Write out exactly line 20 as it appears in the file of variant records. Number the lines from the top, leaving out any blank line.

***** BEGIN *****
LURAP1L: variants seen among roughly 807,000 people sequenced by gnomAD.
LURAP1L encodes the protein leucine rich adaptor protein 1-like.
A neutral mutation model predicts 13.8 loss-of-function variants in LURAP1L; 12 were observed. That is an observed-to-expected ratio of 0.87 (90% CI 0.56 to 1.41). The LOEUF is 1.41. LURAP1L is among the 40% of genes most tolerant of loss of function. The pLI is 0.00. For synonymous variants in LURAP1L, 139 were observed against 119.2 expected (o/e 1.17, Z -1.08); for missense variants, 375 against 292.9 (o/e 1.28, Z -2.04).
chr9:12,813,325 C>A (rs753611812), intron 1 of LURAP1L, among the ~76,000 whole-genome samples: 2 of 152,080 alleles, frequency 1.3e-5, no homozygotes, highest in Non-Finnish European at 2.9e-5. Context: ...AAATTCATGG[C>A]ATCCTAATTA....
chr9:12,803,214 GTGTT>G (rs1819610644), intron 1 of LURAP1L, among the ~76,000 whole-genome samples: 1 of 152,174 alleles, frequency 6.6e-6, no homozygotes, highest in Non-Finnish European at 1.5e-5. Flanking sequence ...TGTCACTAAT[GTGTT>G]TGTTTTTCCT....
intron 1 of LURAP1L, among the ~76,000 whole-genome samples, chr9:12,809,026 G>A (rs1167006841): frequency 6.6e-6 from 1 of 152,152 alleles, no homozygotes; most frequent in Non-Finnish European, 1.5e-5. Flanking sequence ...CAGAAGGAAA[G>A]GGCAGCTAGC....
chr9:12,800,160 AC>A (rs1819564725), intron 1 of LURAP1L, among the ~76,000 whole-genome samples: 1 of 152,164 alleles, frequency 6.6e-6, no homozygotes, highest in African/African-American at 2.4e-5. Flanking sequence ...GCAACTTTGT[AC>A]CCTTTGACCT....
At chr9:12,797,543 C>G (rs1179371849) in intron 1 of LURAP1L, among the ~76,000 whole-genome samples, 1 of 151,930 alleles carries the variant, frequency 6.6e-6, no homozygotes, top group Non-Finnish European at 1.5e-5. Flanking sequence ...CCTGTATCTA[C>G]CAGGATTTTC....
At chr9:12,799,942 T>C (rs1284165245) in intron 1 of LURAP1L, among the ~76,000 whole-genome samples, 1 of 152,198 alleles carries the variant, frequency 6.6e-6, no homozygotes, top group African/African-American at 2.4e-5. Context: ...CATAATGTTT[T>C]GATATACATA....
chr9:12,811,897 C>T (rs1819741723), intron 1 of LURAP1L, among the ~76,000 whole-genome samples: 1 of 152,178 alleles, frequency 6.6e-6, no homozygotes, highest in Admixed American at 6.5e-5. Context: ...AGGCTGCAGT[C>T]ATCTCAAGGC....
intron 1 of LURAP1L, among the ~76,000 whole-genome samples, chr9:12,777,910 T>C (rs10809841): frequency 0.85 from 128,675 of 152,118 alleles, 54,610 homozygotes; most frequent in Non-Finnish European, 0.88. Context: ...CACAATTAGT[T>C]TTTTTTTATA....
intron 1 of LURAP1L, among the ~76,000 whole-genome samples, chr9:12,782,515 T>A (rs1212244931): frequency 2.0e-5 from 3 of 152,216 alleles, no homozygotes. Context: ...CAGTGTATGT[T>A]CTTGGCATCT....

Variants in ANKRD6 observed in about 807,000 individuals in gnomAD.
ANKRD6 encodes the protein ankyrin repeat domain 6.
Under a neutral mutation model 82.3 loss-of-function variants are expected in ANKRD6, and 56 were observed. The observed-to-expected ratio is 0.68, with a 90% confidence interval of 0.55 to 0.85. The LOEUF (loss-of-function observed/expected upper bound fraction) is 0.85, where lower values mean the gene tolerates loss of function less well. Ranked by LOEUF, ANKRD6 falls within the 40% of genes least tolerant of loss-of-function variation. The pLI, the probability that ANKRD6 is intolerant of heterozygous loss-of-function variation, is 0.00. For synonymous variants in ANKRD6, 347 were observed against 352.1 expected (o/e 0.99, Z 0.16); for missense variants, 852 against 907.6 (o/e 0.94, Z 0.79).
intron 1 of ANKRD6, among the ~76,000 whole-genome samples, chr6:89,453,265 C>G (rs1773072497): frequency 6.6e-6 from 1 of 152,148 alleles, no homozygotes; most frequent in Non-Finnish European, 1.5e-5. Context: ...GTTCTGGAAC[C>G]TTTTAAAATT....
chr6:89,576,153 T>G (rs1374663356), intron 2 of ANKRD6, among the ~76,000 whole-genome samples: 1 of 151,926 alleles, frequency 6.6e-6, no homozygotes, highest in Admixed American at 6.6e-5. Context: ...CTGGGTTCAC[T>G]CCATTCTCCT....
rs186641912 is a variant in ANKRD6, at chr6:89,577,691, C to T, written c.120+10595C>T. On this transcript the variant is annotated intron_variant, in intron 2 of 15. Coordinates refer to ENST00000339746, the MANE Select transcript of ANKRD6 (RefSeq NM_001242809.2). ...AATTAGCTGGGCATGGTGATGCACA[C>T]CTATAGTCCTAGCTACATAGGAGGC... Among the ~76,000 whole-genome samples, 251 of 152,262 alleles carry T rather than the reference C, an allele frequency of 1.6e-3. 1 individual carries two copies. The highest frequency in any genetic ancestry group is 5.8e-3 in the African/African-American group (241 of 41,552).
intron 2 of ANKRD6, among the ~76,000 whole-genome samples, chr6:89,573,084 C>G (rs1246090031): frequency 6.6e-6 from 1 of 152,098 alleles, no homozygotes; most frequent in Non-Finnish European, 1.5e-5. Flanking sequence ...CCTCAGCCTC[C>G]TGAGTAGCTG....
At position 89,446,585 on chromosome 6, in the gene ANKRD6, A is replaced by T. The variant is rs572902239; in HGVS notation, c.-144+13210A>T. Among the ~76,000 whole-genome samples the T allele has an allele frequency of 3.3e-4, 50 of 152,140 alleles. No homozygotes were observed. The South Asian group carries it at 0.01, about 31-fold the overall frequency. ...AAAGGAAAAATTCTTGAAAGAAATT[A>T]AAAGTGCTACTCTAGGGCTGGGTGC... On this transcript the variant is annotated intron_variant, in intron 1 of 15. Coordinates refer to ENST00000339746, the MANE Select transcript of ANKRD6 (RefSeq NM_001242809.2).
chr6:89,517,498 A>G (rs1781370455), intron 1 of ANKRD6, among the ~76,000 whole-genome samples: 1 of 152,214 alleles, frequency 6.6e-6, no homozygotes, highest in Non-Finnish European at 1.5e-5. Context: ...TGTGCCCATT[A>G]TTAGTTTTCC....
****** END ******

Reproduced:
At position 89,446,585 on chromosome 6, in the gene ANKRD6, A is replaced by T. The variant is rs572902239; in HGVS notation, c.-144+13210A>T. Among the ~76,000 whole-genome samples the T allele has an allele frequency of 3.3e-4, 50 of 152,140 alleles. No homozygotes were observed. The South Asian group carries it at 0.01, about 31-fold the overall frequency. ...AAAGGAAAAATTCTTGAAAGAAATT[A>T]AAAGTGCTACTCTAGGGCTGGGTGC... On this transcript the variant is annotated intron_variant, in intron 1 of 15. Coordinates refer to ENST00000339746, the MANE Select transcript of ANKRD6 (RefSeq NM_001242809.2).